Talking to Journalists


If you've managed to land interest in your story or an action your centre is taking, here are some tips to follow when you are contacted by a media outlet. Making sure you interact with journalists effectively can a garner a great deal of positive attention toward your cause.

Go local.

Your best bet is to pitch your to release to your local media. They're more likely to express interest than national media outlets. 

Know what you want to say.

You should have only 2 or 3 points in mind that you’d like to make. Make sure to get them in your answers. e.g. Early educators are paid 30% less than workers with equivalent qualifications in male-dominated industries. Research shows that this stage of a child’s education strongly correlates with future outcomes. It is just as crucial as education in later life.

Clarify how you will be interviewed.

If someone calls for a TV or radio interview, make sure to clarify if it will be live or taped, and what the journalist or interviewer expects of you.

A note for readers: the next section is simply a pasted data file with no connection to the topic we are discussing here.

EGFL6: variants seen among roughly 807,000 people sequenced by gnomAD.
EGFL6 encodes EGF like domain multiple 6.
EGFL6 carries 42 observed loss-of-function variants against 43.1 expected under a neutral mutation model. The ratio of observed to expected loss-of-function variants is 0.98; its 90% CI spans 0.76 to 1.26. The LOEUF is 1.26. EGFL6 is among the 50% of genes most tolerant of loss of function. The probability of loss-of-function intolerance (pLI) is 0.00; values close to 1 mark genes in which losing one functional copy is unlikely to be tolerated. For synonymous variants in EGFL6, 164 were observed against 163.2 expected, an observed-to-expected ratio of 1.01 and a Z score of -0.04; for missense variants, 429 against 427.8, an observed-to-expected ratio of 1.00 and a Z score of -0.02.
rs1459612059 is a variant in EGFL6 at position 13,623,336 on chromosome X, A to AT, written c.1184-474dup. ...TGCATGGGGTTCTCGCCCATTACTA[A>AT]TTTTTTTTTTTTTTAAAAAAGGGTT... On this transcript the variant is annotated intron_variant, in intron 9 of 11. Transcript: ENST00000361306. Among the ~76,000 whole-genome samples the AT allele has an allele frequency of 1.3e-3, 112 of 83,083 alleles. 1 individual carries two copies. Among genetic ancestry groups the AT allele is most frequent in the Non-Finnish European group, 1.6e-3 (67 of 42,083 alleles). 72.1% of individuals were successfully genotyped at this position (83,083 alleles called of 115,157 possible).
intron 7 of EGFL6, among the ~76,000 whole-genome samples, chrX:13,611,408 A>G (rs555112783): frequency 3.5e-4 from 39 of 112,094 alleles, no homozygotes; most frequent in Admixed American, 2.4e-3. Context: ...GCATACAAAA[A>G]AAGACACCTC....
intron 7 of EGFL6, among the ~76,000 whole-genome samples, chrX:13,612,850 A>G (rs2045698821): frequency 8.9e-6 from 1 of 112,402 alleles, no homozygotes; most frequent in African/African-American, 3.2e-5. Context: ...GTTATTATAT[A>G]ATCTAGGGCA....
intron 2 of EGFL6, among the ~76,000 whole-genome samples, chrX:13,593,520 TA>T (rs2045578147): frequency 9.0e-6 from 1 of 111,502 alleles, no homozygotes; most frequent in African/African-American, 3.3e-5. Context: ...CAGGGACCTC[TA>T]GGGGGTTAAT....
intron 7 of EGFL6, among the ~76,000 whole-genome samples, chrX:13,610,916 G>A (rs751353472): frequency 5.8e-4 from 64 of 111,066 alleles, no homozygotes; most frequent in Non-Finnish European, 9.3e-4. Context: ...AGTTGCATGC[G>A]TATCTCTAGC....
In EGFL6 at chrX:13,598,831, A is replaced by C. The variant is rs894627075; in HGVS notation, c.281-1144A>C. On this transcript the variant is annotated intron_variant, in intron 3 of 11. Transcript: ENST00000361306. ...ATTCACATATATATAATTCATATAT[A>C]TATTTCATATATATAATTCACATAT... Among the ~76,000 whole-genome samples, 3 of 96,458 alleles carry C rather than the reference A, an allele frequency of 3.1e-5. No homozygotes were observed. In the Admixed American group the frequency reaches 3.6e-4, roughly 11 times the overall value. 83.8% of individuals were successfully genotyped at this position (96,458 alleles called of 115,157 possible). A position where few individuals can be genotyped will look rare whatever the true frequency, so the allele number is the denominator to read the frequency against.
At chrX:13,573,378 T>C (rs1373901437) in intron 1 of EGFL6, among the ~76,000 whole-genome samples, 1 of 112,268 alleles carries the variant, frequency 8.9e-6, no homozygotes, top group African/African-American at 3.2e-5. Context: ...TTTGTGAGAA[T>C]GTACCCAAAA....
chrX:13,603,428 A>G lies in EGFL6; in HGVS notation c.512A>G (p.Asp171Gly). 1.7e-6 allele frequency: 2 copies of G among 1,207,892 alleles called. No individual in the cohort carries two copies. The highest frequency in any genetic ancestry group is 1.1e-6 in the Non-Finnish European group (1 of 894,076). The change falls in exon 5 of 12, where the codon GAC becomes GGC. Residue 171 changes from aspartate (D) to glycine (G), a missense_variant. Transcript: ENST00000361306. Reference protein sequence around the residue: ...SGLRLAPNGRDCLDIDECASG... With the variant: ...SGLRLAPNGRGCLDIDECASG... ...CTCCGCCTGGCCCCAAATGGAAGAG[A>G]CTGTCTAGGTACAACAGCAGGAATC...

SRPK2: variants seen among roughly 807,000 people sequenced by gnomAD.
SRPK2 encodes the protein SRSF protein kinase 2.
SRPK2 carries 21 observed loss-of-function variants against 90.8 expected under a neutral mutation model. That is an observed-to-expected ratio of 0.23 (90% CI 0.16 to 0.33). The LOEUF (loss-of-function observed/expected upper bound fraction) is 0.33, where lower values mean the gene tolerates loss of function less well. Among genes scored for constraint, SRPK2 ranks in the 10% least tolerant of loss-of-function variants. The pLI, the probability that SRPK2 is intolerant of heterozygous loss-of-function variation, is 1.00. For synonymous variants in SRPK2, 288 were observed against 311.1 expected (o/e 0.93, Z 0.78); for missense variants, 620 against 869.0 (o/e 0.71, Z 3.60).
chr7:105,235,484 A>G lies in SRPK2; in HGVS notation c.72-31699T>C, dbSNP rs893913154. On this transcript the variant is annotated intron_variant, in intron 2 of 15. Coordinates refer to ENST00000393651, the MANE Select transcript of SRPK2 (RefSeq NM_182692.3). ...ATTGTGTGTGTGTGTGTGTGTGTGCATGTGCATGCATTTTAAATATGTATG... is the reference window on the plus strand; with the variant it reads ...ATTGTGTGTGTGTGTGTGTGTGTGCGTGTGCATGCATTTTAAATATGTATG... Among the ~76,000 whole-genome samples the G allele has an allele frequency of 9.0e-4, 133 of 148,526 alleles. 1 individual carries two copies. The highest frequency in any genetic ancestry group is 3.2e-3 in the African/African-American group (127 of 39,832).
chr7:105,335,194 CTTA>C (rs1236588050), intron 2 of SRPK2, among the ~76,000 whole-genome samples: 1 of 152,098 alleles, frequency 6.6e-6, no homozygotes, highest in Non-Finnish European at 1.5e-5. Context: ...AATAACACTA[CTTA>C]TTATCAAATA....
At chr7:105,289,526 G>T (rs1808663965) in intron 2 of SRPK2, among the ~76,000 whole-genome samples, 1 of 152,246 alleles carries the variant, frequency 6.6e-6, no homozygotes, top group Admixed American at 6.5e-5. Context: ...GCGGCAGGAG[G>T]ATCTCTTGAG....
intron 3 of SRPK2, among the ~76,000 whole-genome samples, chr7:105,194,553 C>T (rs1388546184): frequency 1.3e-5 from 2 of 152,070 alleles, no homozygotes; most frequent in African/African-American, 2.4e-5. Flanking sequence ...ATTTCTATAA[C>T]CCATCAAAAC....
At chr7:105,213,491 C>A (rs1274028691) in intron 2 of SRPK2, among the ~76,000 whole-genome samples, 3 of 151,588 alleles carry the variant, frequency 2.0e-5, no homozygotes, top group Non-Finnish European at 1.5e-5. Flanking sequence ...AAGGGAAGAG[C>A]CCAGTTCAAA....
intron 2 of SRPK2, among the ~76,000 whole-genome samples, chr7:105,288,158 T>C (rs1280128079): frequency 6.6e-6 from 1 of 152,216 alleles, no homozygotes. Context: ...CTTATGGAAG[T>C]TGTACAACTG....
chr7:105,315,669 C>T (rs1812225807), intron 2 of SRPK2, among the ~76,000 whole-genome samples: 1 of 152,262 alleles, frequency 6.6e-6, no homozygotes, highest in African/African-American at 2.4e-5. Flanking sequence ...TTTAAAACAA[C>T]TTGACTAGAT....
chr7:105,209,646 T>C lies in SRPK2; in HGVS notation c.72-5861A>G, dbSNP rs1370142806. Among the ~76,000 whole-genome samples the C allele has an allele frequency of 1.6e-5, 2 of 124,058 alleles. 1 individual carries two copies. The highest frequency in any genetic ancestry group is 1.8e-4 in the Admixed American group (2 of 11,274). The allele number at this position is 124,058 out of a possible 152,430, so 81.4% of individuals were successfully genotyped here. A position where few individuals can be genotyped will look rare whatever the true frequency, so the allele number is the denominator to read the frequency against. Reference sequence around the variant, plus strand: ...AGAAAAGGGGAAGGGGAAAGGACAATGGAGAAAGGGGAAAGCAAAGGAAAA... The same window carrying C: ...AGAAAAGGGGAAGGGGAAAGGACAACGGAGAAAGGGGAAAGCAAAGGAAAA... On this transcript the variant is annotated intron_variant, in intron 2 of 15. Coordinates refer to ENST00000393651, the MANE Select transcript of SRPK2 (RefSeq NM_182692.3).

Be succinct.

The journalist is interested in what your issue is and what you want done about it. e.g. “Early educators need the government to fund professional pay.”

Think before you speak.

Always assume that you are on the record and everything you say is going to be quoted. If that makes you speak slowly and deliberatively, all the better—it will give the journalist time to take notes and get clarification.

We all get things wrong.

If you misspeak, let the journalist know that you have done so. They are usually open to you correcting what you would like to say.

Reply promptly.

Always be organised in order to return phone calls and answer any questions promptly and clearly. If you don’t, they may not be inclined to call you again.

Article adapted from Electronic Frontier Alliance: Media Tips for Activists, which is licensed under the Creative Commons Attribution License 3.0.